European and Arab leaders racing to consolidate a cease-fire between Israel and Hamas pressed Sunday for an end to weapons smuggling into Gaza and for the opening of the territory to desperately needed humanitarian aid.

The summit at the Egyptian resort of Sharm el-Sheik was jointly chaired by French President Nicolas Sarkozy and his Egyptian counterpart Hosni Mubarak. It was held amid separate truce declarations by both Israel and Hamas.

After the summit, Sarkozy stressed the need for Israel to quickly pull its forces out of Gaza, after three weeks of offensive on the Hamas-ruled territory.

"Israel should state immediately and clearly that if rocket fire will stop, the Israeli army will leave Gaza. There is no other solution to achieve peace," Sarkozy said.

Mubarak said the three weeks of fighting in Gaza between the Islamist movement Hamas and Israel showed the need for a comprehensive deal.

"We look forward to an end to this sad page. We must not lose hope in peace ... because a just and comprehensive peace is the true guarantee for the security of the region's peoples," he told a closing news conference.

King Abdullah of Jordan said an Arab peace offer dating back to 2002 must stay alive. "If we don't do this in this year, we will be back meeting again in the very near future," he added.

The summit meeting concluded that the next steps would include a humanitarian summit organized by Egypt in the coming days and the search for a way to open Gaza's sealed border crossings to allow in humanitarian aid.

Hamas earlier Sunday announced an immediate cease-fire by its militants and allied groups in Gaza, giving Israel a week to pull out its troops from the coastal territory.

Israel, which mounted an offensive against Hamas three weeks ago to halt years of rocket attacks, agreed to silence its guns and ground its aircraft early Sunday.

After the summit in Sharm el-Sheikh, Sarkozy told reporters that the time has come to begin the "journey" of creating a viable reality of two states, Israel and Palestine.

While, acknowledging the difficult task ahead, Sarkozy said: "In our minds, this is the beginning of our journey."

"We should continue and we should accelerate our efforts in order to achieve a settlement based on the creation of two states, a Palestinian state living side-by-side with an Israeli state that has the right to its security," he added.

Sarkozy also said the Gaza violence was part of a worldwide conflict and suggested a conference "to lay the foundations for peace in the coming weeks."

Leaders attending the summit pressed for an end to weapons smuggling in Gaza and for the opening of the coastal territory to desperately needed humanitarian aid.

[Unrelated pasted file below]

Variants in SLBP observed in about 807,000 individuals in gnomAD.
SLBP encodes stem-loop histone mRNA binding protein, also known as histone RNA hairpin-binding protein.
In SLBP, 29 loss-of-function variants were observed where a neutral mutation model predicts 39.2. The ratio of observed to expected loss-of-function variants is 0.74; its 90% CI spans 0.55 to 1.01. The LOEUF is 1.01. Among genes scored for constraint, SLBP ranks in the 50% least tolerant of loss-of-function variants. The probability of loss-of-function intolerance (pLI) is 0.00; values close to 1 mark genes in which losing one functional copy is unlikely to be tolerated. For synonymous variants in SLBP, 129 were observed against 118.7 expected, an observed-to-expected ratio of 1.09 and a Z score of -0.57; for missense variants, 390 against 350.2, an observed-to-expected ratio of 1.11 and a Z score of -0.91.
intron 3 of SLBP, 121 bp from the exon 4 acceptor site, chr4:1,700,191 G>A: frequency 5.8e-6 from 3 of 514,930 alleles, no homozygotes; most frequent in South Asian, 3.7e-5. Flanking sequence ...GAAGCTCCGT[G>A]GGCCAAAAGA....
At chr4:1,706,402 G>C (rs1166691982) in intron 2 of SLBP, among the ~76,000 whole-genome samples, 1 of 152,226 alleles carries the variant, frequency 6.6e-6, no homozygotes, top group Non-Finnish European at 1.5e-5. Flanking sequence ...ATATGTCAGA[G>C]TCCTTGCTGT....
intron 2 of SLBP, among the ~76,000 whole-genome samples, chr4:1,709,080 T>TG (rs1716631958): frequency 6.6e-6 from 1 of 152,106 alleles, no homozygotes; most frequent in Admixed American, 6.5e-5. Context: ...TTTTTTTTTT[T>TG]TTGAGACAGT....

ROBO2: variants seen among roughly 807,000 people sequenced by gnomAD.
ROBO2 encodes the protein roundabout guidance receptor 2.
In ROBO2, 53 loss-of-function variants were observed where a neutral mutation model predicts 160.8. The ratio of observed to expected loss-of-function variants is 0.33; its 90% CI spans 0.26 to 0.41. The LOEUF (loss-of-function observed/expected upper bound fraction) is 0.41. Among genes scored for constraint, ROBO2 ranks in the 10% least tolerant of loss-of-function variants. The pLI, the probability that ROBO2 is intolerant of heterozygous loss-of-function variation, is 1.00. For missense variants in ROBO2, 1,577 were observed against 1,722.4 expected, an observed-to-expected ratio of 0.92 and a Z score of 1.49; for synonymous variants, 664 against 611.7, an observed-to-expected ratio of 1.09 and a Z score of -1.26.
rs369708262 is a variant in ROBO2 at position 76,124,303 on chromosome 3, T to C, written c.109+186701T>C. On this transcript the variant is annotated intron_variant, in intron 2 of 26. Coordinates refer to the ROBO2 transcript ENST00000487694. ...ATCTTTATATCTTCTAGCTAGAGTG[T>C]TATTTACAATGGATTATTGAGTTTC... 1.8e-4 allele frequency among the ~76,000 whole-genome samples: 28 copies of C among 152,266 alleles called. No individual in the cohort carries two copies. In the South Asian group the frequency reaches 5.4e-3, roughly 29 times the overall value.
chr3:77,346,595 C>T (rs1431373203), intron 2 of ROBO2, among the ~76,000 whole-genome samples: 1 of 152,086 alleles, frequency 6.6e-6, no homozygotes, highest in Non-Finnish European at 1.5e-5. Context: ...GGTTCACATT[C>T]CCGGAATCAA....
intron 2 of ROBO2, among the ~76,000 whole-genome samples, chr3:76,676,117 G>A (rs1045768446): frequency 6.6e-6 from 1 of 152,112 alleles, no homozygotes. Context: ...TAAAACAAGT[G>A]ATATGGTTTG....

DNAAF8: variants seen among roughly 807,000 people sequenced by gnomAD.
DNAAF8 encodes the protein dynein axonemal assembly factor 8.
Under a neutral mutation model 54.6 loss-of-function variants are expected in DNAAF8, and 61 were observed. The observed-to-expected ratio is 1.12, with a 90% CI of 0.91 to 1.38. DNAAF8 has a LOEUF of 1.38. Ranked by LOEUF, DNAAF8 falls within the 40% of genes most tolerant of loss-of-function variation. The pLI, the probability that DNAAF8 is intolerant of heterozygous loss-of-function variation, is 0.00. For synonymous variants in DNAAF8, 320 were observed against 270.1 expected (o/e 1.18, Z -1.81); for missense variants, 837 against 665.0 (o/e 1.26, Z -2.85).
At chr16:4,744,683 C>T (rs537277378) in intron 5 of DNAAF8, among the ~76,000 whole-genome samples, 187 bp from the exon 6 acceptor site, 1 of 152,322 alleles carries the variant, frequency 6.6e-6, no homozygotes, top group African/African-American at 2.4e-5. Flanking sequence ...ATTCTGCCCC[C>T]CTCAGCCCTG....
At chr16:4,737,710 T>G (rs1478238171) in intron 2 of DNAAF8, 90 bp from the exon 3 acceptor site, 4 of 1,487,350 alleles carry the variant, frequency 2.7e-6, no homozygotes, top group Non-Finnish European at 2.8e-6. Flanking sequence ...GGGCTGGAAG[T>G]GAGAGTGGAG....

Sarkozy said at the meeting that the next steps would include a humanitarian summit organized by Egypt in the coming days and finding a way to open Gaza's sealed border crossings to allow in humanitarian aid.

A unilateral Israeli cease-fire fire began before dawn Sunday. Hamas also announced it would halt fighting from its side for one week while demanding that Israeli troops leave the territory.

At the news conference, Sarkozy said: "We have pledged to help Israel and Egypt with all the technical, military, naval and diplomatic ways to help end the smuggling of weapons into Gaza."

German Chancellor Angela Merkel and Sarkozy would also visit Israel after the meeting for talks with Prime Minister Ehud Olmert, France's AFP news agency said.

During the meeting, Mubarak again stressed that Egypt would not accept any foreign observers on its land to monitor the contentious border.

Egypt, maintaining that it can police its own border with Gaza, has rejected the idea of any international monitoring force in its territory.

After the meeting, Mubarak is to travel to Kuwait on Monday for an Arab summit on the Gaza crisis that is expected to highlight divisions between participating states over how to end the conflict.

An Egyptian Foreign Ministry spokesman said the summit would try to help Egypt turn Israel's unilateral ceasefire in Gaza into a mutual agreement leading to Israeli withdrawal.

"There are some violations here or there. The aim now is to consolidate that cease-fire so that a cease-fire with a longer duration can be achieved," Hossam Zaki told the Arabic satellite channel al-Arabiya.

Zaki said the leaders wanted to discuss how to help in preventing a repetition of the Gaza conflict, in which Israeli forces killed 1,200 Palestinians. Ten Israeli soldiers and three civilians hit by rockets were killed.

"The leaders want to discuss how to help in preventing this tragedy from being repeated, and how to all work on... rebuilding Gaza," he said.

Brown: We'll send Royal Navy to help fight smuggling

Gordon Brown said Saturday that Britain had offered naval resources that could be used to help prevent arms smuggling into Gaza as part of an arrangement to end the fighting there.

Brown told reporters that France and Germany had made similiar offers in a bid to curtail the bloodshed.

In Germany, Merkel's office released a statement indicating that she, Brown and Sarkozy have sent letters to Israeli and Egyptian leaders expressing a willingness to take a series of concrete measures to combat arms smuggling.

She said they all expressed support for the efforts of the Israeli and Egyptian governments to reach a lasting cease-fire in Gaza.

European diplomats are part of a global push to calm the situation in Gaza, where more than 1,100 Palestinians have been killed since an Israeli offensive began in late December.

The Israelis said they were trying to prevent Hamas-led militants from firing rockets at civilian targets inside Israel.

The prime minister spoke as Israel's security cabinet met to vote on a unilateral cease-fire that came into effect at 2 A.M. Sunday morning.